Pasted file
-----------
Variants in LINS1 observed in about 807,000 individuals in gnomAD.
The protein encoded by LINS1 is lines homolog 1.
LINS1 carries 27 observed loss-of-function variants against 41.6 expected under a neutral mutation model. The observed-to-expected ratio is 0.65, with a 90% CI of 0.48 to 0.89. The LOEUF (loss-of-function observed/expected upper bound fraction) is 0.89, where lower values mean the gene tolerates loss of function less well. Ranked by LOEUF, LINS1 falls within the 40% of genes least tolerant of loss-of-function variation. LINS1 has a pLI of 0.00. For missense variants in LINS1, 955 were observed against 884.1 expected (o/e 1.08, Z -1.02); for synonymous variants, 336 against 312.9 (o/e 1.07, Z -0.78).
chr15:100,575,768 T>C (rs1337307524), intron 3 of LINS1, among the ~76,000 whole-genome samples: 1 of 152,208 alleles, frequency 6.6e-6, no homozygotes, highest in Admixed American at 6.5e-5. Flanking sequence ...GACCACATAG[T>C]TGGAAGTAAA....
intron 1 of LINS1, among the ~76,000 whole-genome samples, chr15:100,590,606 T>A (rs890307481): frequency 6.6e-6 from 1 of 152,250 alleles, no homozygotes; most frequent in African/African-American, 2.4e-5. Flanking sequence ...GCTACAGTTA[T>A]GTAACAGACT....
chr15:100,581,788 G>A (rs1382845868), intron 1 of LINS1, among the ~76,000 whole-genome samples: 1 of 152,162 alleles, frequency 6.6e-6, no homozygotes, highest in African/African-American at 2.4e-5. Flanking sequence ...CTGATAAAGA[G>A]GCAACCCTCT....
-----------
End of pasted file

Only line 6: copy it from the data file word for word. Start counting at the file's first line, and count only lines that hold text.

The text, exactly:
chr15:100,581,788 G>A (rs1382845868), intron 1 of LINS1, among the ~76,000 whole-genome samples: 1 of 152,162 alleles, frequency 6.6e-6, no homozygotes, highest in African/African-American at 2.4e-5. Flanking sequence ...CTGATAAAGA[G>A]GCAACCCTCT....